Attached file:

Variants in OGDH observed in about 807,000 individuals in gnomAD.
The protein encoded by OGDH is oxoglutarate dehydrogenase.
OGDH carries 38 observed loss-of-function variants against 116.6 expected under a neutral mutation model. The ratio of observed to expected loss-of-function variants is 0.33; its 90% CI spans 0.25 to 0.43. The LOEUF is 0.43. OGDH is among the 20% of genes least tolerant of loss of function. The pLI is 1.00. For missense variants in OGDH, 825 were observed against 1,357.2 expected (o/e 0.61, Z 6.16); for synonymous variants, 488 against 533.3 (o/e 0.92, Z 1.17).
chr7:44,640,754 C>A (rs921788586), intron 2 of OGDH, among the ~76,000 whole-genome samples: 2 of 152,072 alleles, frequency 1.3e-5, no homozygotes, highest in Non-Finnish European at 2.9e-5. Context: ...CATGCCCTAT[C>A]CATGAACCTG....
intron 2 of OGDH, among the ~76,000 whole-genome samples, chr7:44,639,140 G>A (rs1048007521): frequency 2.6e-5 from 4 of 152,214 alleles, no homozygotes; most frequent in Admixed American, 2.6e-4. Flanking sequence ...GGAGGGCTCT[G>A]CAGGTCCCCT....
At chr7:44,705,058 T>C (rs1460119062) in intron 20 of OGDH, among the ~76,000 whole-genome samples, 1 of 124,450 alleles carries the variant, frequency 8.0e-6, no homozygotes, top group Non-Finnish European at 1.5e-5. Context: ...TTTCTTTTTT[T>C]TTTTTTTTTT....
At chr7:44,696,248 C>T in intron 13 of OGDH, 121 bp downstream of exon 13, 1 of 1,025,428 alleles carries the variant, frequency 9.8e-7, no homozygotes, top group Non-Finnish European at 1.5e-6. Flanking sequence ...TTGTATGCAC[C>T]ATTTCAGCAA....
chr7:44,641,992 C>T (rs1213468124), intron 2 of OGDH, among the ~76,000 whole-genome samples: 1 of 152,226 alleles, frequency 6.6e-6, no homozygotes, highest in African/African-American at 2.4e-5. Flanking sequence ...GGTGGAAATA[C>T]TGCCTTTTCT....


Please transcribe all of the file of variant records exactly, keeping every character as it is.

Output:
Variants in OGDH observed in about 807,000 individuals in gnomAD.
The protein encoded by OGDH is oxoglutarate dehydrogenase.
OGDH carries 38 observed loss-of-function variants against 116.6 expected under a neutral mutation model. The ratio of observed to expected loss-of-function variants is 0.33; its 90% CI spans 0.25 to 0.43. The LOEUF is 0.43. OGDH is among the 20% of genes least tolerant of loss of function. The pLI is 1.00. For missense variants in OGDH, 825 were observed against 1,357.2 expected (o/e 0.61, Z 6.16); for synonymous variants, 488 against 533.3 (o/e 0.92, Z 1.17).
chr7:44,640,754 C>A (rs921788586), intron 2 of OGDH, among the ~76,000 whole-genome samples: 2 of 152,072 alleles, frequency 1.3e-5, no homozygotes, highest in Non-Finnish European at 2.9e-5. Context: ...CATGCCCTAT[C>A]CATGAACCTG....
intron 2 of OGDH, among the ~76,000 whole-genome samples, chr7:44,639,140 G>A (rs1048007521): frequency 2.6e-5 from 4 of 152,214 alleles, no homozygotes; most frequent in Admixed American, 2.6e-4. Flanking sequence ...GGAGGGCTCT[G>A]CAGGTCCCCT....
At chr7:44,705,058 T>C (rs1460119062) in intron 20 of OGDH, among the ~76,000 whole-genome samples, 1 of 124,450 alleles carries the variant, frequency 8.0e-6, no homozygotes, top group Non-Finnish European at 1.5e-5. Context: ...TTTCTTTTTT[T>C]TTTTTTTTTT....
At chr7:44,696,248 C>T in intron 13 of OGDH, 121 bp downstream of exon 13, 1 of 1,025,428 alleles carries the variant, frequency 9.8e-7, no homozygotes, top group Non-Finnish European at 1.5e-6. Flanking sequence ...TTGTATGCAC[C>T]ATTTCAGCAA....
chr7:44,641,992 C>T (rs1213468124), intron 2 of OGDH, among the ~76,000 whole-genome samples: 1 of 152,226 alleles, frequency 6.6e-6, no homozygotes, highest in African/African-American at 2.4e-5. Flanking sequence ...GGTGGAAATA[C>T]TGCCTTTTCT....